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Is there a solution to black out windows but still leave room to place lights outside of the window?

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For an interior scene with windows in shot, I am wanting to black out the daylight coming through the window and then light from outside through diffusion so that the lighting from the window is consistent and controlled throughout the whole shooting day. Is there a common method of doing this?

perhaps using a black tent/gazebo outside the window and then placing lights inside the gazebo or blocking out daylight with 12x12 black solids? 


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14 hours ago, Satsuki Murashige said:

Yes exactly, it's common to tent windows when shooting day for night interiors.

Thanks! is there a specific technique/procedure for this or is it just as simple as buying a tent/canopy that fits the dimensions of the window?

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45 minutes ago, imran qureshi said:

Thanks! is there a specific technique/procedure for this or is it just as simple as buying a tent/canopy that fits the dimensions of the window?

It kinda depends on how much space you have to work with, but I’ve seen it done with solids and floppies, large ultrabounce rags with the black side in, pop-up tents, etc. Maybe someone who works in grip dept can provide more specifics.

Ideally, you don’t want to use up all of your c-stands and floppies for this sort of thing, so I would think that large rags on the truck and combo stands that aren’t being used would be more ideal. Also, in case it rains it would be better to use something waterproof like ultrabounce or grifflon rather than a true solid or duvytene. 

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Dealt with this a lot, typically where I start is with a solid on a frame, whether that be 8x8 or 12x12 (make sure to get window measurements to determine this). I'll place this frame at about a 45 degree angle and shimmy it up as close as possible to the exterior of the building, leaving space for lighting. Then, I'll essentially create a giant floppy, by getting more solids of the appropriate size and simply tying one end to the edges of the existing frame and letting it drape down. Makes it easier than setting a million floppies.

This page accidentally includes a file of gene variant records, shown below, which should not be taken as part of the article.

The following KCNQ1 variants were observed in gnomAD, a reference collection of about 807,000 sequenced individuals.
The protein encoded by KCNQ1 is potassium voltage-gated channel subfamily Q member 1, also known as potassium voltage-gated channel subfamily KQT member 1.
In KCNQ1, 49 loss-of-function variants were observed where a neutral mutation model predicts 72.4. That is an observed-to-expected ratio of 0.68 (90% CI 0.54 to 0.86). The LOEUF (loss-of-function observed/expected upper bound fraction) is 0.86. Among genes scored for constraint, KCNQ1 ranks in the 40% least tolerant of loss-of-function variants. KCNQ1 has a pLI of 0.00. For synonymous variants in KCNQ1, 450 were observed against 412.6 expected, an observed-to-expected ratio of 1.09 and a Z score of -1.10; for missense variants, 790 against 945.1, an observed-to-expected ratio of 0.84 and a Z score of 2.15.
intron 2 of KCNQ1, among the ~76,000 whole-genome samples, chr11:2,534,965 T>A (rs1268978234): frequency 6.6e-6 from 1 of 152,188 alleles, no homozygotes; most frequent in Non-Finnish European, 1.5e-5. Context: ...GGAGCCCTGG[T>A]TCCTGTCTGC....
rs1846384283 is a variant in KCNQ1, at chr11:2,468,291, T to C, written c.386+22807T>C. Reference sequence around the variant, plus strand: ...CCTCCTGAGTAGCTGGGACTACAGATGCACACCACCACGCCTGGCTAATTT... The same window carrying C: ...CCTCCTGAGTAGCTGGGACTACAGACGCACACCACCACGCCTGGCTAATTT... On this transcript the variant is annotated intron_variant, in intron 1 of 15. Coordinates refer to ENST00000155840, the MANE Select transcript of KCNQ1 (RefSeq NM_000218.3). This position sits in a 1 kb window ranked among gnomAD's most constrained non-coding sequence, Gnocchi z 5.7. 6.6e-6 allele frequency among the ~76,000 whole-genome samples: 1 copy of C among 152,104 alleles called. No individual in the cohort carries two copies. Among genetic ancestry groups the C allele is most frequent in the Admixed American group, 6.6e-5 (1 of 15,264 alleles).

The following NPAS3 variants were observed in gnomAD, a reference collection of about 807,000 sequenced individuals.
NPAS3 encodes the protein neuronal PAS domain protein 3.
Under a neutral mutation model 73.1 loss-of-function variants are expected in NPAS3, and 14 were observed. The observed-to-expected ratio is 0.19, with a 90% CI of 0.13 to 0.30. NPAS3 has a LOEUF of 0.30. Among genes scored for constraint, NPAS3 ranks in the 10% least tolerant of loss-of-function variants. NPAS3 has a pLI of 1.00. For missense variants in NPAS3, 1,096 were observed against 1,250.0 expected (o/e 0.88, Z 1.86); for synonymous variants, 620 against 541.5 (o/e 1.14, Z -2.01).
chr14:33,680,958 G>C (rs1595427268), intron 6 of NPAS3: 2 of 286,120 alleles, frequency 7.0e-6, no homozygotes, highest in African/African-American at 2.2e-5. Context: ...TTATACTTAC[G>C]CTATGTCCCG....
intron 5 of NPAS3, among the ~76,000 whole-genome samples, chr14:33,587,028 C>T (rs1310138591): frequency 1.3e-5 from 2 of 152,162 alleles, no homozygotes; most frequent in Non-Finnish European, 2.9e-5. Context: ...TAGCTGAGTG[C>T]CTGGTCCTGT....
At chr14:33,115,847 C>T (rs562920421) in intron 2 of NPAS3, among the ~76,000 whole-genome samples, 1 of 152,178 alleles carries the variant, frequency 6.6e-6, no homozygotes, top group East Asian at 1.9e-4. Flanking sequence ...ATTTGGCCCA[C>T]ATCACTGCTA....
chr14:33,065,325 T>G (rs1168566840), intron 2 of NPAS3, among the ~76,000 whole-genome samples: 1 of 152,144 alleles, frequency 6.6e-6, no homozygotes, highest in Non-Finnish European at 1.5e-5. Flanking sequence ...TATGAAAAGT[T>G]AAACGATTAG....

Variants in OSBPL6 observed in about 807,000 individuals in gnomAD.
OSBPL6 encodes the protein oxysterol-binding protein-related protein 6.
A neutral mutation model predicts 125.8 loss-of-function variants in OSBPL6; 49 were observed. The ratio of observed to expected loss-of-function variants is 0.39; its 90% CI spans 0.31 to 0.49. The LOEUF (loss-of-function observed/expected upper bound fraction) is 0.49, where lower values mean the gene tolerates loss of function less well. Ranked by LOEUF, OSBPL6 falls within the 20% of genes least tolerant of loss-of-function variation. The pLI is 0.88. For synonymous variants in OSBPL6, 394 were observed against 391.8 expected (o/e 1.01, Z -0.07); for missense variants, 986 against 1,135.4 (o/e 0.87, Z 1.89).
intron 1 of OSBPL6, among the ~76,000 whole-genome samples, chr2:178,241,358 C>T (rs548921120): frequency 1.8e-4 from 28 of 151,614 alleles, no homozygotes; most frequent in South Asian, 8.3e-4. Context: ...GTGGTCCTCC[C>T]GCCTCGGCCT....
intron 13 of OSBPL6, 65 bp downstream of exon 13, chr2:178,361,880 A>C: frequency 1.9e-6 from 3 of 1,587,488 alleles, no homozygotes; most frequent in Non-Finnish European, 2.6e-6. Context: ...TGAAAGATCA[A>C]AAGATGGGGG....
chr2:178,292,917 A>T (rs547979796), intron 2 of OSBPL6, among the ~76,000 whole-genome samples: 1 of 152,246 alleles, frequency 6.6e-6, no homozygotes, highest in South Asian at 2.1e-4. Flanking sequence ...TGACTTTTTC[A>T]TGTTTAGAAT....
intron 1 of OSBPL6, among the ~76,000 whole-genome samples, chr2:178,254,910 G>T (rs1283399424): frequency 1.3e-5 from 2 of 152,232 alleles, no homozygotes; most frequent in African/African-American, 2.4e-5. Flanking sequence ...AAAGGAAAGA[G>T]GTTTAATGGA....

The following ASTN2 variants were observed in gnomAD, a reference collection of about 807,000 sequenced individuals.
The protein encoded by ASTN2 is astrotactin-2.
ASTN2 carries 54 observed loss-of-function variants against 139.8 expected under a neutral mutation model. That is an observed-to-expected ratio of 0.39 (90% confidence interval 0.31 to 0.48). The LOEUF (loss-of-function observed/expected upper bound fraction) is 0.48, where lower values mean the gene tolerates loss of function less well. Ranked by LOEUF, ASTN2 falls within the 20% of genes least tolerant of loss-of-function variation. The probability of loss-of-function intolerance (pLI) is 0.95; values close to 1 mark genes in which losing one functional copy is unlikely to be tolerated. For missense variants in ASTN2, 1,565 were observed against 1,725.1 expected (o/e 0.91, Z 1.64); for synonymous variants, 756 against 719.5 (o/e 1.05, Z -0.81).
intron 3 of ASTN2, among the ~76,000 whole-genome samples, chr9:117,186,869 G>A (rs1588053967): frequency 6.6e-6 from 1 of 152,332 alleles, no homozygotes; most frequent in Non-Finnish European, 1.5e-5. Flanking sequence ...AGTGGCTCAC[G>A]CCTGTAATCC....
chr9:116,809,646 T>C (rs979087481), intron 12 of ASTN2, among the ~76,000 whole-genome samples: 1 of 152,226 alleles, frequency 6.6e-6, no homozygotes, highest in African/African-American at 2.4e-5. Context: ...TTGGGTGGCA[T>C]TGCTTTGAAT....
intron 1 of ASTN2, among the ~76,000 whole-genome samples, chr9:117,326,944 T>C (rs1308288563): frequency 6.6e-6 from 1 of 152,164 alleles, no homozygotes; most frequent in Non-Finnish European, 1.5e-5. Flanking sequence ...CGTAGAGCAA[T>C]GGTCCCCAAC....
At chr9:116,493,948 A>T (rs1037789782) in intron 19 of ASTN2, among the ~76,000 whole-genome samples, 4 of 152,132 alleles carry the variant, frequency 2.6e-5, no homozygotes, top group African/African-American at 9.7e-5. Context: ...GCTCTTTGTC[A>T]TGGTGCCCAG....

Big note, ANY little leak or gap in the blackout will show very easily. Gotta be pretty dilligent to cover it up tightly. Tape is always your friend in securing the edges of the rags to the exterior of the building.

In terms of seeing out this window, I would suggest having either curtains or blinds atop the window to bring the attention away from the blackout and potentially hide any details seen in the rags outside. Also helps to flag off any spill from your heads outside to keep it off your blackout canopy. 

Now, it sounds like you may be adding diffusion onto the windows, which would probably be my next suggestion. Something like opal or Hampshire frost would be nice and light to stay illuminated, but completely blur anything on the other side of the window. 

If you are simply recreating daylight and need the all day consistency, if you've got diffusion on the windows you probably don't need to go so crazy on the blackout, probably just the one solid above the window to kill most the daylight. Maybe just note there will be a shift in your fill levels with the small amount of ambience coming in.

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  • 1 month later...

To add to what Jacob and Satsuki have said, have a roll of duvetyne on your grip truck and spring clips to patch any odd gaps you might have. Bigger is always better for the tent assuming you have the personpower and budget. If you can add some greenery outside it helps to sell the illusion. If you're carrying speedrail for car rigs, it can also come in handy for tenting.

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